Working: Are The Clots We Are Seeing Ocurring Because The Spike Protein Is Turning All It Touches Into Tumor Microenvironment?
Small ‘fibrin clots’ are chiefly found in tumor vasculature and interstitial space.
Platelets are crucial for tumor cell-induced coagulation and contribute to the TME of solid tumors. Increased vessel permeability in the vicinity of a tumor, tumor-induced angiogenic sprouting or vasculogenic mimicry vessels are three ways that allow extravasation of platelets and clotting factors from the blood stream into the interstitial stroma of tumor tissue. After the platelets recognize vWF of the subendothelial basement membrane, or collagen of the desmoplastic TME, platelets become activated.
As the readers of my Substack are now well aware, I have realized that what I thought was an endothelial disease, is actually much more. I believe the Spike Protein of SARS-CoV-2 not only invades and damages the endothelium, but I also believe it induces the Tumore Microenvironment (TME) via its interactions with the endothelium and adjacent tissues.
If we examine the current excess of clotting-related deaths and injuries in this light, we can see a certain connection.
Pancreatic ductal adenocarcinomas (PDACs) are poorly responsive to both chemo- and immunotherapies, mainly because of the presence of highly dense fibrotic stroma and extensive myeloid-derived immune cells, which are known major drivers for an immunosuppressive tumor microenvironment (TME). Another feature of PDACs that may suppress the immune microenvironment is the small ‘fibrin clots’ that are chiefly found in tumor vasculature and interstitial space. PDACs exhibit high levels of fibrinogen and fibrin clots throughout the tumor stroma surrounding the tumor cells.
Abstract C008: Intratumoral fibrin as a novel immunomodulatory factor in pancreatic ductal adenocarcinoma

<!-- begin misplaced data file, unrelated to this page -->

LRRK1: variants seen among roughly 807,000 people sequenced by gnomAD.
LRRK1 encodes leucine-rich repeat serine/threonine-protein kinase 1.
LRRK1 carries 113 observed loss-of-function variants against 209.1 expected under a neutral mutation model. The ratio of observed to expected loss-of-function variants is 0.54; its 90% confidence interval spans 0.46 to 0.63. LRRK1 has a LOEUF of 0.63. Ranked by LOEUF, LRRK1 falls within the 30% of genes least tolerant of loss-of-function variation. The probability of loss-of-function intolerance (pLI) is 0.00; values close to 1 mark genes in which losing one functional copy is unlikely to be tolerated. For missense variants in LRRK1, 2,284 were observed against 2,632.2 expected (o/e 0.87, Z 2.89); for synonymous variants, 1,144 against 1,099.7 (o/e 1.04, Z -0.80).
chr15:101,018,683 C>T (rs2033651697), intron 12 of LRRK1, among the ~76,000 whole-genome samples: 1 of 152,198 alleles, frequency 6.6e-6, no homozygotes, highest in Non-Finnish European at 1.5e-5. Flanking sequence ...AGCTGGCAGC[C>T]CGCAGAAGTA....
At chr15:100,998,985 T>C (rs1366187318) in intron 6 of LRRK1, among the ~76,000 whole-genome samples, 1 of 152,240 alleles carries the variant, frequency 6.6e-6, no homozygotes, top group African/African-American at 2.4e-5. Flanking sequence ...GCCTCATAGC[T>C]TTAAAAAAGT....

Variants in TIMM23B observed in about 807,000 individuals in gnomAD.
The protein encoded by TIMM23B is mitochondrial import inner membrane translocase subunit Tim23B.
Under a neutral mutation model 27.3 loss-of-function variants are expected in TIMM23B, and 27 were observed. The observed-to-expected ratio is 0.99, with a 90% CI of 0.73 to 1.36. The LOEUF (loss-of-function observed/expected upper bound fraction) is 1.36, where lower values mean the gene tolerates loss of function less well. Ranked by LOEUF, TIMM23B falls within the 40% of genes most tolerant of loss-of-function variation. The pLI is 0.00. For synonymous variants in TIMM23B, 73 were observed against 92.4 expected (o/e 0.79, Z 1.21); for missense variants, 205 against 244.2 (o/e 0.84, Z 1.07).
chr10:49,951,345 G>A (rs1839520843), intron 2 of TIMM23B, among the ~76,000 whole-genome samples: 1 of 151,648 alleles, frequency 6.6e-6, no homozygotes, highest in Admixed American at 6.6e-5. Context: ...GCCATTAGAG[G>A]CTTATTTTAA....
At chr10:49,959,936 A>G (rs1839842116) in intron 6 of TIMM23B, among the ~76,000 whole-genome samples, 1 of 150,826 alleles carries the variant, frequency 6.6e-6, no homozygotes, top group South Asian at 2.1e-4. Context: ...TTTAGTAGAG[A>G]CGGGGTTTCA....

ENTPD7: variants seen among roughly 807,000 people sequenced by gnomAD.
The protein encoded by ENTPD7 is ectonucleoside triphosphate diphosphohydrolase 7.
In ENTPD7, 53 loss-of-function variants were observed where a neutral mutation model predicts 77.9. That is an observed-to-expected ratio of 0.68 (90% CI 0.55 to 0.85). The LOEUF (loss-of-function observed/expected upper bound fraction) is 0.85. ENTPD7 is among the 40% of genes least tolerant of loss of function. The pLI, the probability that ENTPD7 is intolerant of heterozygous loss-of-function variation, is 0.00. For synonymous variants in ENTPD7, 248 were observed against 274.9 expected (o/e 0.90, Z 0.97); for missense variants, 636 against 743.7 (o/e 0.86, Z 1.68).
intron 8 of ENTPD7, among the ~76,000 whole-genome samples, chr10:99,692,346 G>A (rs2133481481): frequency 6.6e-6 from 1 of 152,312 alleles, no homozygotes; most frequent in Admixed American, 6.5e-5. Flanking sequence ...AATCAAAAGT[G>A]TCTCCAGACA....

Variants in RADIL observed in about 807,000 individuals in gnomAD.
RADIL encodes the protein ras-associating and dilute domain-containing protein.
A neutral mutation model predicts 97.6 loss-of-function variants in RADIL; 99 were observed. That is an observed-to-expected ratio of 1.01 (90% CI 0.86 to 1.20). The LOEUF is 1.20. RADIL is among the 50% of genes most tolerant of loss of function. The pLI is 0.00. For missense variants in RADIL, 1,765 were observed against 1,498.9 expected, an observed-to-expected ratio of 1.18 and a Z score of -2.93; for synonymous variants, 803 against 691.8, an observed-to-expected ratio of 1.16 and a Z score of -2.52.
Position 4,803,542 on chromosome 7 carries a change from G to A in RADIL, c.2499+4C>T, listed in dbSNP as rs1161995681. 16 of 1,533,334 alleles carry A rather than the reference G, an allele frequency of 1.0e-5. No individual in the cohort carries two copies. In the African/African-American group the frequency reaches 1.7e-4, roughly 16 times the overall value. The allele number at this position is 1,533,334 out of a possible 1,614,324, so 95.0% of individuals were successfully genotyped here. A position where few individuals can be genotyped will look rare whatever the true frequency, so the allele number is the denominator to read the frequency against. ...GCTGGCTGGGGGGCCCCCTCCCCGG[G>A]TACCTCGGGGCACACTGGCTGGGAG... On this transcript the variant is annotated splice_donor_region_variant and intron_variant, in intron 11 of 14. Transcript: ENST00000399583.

And, when we look closely at the post-Spike exposure clotting, are we not seeing precisely the following?
However, where do platelets meet cancer cells that grow in a solid mass within epithelial or stromal tissue? How do platelets become part of the TME? The answers lay in the high permeability of blood vessels in the vicinity of a tumor mass (Nagy et al., 2012). This leakiness allows the intravascular platelets and fibrinogen to access the extravascular space, where platelets become activated and fibrinogen is converted to fibrin by coagulation (Figure 2, above). Depending on the type of tumor vessel, there are different ways, how tumor vessels lose their gatekeeper functions and allow extravasation of platelets and coagulation factors (Figure 2; Chouaib et al., 2010; Klein, 2018). First, the tumor mass approaches preexisting vessels due to its volume-demanding growth or by vessel co-option (Kuczynski et al., 2019; Niland and Eble, 2019). Vascular endothelial growth factor (VEGF), especially its isoform VEGF-A, and likely other chemokines from the TME increase the permeability of normal blood vessels and activate endothelial cells (Apte et al., 2019). This may result in increased leukocyte extravasion. Moreover, activation of endothelial cells is accompanied by the loss of antithrombotic surface molecules, such as thrombomodulin and heparin sulfate, from the endothelial cell surface (Klein, 2018). This increases the propensity of intravascular coagulation and thrombosis.
Platelets, Constant and Cooperative Companions of Sessile and Disseminating Tumor Cells, Crucially Contribute to the Tumor Microenvironment
I am going to continue on this path. As we continue to peel back the layers of this onion, the more we understand it. And the better we can combat it.
I cannot thank those who donate and continue to donate enough. My continuing work is the greatest thanks I can give. Blessings in this Holiday Season.
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